In 1997, British Royal Air Force pilot Andy Green broke the land speed record. With the ThrustSSC, a torpedo-shaped car that looks more like a Boeing 747 than an automobile, Green managed to reach a speed of 763.035 mph (1,227.986 km/h) while tearing across the alkali flats of Nevada’s Black Rock Desert. Fast enough to be supersonic, a speed usually achieved only by fighter jets.
Green is now leading a team to build a car which will travel even faster. Sleeker than the ThrustSSC, more aerodynamic, the Bloodhound SSC will use a Rolls-Royce EJ200 jet engine, the same kind used on Typhoon fighter planes. That’s a lot of horsepower, already, but the car also features a second engine, one typically used to launch satellites into orbit.
On top of that, the Bloodhound uses a third engine for gasoline.
“There’s also a Cosworth F1 engine in the back of the car which we use to supply the rocket with fuel at a rate of 50Kg per second,” lead engineer James Painter, told TechRadar. “So essentially we’ve got a Formula One engine as a fuel pump!”
All of which will be crucial if the car is to achieve its goal of reaching 1,000 mph in just 40 seconds. Just to put that in perspective, that’s so fast that if you blinked as it went, you might miss it. And at those speeds, even miniscule debris can cause significant damage and put the driver’s life in danger. Just as birds can pose a risk to airplanes, so too can small stones threaten rocket cars.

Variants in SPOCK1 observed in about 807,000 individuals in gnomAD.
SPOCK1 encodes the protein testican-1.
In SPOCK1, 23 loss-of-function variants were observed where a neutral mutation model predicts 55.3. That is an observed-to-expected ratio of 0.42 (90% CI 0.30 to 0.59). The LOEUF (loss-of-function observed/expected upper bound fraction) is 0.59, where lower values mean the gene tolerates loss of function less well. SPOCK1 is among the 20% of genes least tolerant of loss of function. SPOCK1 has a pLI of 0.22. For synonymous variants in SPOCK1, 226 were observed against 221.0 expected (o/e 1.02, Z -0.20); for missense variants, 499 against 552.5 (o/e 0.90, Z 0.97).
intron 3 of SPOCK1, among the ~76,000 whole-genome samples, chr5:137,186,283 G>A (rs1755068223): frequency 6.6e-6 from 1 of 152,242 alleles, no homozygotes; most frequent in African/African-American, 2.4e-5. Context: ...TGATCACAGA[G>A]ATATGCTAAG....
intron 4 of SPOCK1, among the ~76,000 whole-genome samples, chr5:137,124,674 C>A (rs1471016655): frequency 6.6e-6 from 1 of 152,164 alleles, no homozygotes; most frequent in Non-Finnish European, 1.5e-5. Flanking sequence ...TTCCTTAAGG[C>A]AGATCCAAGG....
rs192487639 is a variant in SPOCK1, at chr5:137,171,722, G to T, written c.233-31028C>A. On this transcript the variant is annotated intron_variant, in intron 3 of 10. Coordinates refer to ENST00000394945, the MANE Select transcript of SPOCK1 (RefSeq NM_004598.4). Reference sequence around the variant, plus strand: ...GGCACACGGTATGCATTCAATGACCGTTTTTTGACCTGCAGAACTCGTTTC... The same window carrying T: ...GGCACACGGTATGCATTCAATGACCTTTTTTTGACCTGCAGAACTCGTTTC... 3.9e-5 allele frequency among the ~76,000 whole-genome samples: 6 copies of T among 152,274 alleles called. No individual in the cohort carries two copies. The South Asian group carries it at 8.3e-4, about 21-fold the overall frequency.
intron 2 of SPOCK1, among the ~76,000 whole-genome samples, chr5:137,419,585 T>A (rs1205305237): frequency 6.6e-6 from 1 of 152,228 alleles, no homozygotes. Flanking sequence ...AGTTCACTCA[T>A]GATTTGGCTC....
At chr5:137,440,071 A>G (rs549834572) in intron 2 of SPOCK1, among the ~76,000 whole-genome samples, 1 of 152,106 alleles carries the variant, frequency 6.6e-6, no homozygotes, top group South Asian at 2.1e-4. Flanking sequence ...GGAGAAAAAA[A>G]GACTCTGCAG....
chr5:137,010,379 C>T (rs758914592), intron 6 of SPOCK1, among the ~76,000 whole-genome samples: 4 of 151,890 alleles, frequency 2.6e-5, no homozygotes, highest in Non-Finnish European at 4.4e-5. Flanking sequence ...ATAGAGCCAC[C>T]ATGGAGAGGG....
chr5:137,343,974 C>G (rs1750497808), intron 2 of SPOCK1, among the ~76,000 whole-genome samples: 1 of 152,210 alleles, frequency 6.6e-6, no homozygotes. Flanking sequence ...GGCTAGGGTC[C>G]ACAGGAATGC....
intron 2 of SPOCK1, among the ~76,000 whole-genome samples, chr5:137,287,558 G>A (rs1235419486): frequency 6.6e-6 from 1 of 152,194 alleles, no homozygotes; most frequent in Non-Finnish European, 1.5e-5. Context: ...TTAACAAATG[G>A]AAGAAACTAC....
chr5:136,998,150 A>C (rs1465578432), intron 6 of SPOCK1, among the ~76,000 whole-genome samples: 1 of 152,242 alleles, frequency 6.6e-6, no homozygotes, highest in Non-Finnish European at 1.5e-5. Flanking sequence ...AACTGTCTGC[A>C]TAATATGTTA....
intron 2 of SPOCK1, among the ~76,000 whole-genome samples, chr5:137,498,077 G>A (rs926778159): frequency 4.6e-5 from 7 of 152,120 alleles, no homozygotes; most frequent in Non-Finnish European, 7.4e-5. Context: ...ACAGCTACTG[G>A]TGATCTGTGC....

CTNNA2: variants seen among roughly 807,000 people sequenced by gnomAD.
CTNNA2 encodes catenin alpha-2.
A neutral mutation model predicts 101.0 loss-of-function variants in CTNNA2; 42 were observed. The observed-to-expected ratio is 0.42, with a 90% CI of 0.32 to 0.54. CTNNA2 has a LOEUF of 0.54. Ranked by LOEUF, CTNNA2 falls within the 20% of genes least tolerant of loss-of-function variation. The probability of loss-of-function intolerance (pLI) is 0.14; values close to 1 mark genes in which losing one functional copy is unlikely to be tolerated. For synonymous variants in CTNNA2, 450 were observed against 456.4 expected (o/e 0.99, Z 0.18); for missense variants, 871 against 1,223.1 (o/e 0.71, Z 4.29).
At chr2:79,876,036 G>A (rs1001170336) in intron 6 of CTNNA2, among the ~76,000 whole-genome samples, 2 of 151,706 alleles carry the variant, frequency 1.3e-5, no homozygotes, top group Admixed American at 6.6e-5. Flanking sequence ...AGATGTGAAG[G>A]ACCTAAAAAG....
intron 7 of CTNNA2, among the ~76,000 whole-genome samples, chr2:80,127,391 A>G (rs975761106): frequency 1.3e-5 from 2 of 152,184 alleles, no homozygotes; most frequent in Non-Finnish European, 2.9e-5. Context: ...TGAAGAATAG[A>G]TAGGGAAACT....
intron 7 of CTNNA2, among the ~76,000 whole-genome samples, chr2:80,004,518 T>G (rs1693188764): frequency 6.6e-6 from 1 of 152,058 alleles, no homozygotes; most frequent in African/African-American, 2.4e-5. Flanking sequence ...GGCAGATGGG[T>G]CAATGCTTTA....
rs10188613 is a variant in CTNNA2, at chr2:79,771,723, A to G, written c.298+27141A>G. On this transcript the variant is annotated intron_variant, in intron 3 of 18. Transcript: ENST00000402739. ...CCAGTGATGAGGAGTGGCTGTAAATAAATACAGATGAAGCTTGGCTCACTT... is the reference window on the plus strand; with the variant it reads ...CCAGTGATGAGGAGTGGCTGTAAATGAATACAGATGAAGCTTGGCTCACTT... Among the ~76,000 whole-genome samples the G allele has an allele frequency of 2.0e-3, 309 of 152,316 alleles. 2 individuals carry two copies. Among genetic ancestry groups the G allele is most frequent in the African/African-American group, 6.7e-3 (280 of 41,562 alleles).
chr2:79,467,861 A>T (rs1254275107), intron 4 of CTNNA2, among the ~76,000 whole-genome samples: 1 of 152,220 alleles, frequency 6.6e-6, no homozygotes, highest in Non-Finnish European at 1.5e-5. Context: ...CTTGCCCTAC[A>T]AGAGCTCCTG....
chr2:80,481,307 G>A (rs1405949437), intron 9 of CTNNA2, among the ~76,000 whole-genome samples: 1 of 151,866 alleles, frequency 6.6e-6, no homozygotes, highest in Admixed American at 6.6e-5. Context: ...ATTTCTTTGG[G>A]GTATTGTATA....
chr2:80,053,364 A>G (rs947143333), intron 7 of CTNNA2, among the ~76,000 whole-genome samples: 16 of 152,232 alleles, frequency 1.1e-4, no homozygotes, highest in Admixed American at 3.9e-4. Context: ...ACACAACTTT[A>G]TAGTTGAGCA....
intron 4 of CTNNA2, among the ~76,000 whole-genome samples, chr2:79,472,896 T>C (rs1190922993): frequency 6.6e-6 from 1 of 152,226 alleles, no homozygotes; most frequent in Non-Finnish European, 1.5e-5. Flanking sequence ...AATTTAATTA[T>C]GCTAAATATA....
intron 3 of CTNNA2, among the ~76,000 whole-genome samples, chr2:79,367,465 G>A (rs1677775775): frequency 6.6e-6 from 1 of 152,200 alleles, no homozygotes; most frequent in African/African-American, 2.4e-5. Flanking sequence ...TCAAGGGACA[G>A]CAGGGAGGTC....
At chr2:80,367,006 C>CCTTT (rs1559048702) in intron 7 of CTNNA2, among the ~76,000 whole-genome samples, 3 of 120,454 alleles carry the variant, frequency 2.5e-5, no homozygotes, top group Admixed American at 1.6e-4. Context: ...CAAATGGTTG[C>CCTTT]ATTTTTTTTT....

That’s why the engineers have reinforced the car’s body with ballistic panels which will protect the driver against any wayward rocks or loose car parts. As a test, the team launched a chunk of aluminum from a cannon at 2,2000 mph and observed it’s collision with the panel.
While the aluminum broke through several layers of the tightly woven glass fibers, it did not make it all the way through. A sign of success.
While the team hasn’t indicated when the actual record breaking attempt will occur, but they hope to be ready within the next 18 months. They’ve already chosen a location for the run: the Hakskeen Pan in South Africa, with a surface so flat that its only change in elevation is the very curvature of the Earth.
Because even engineering’s brightest can’t do anything about the curvature of the Earth. Hopefully the car doesn’t drive off the surface of the planet. But if it does, let’s be honest – it’s probably got the engine capacity to make it in space.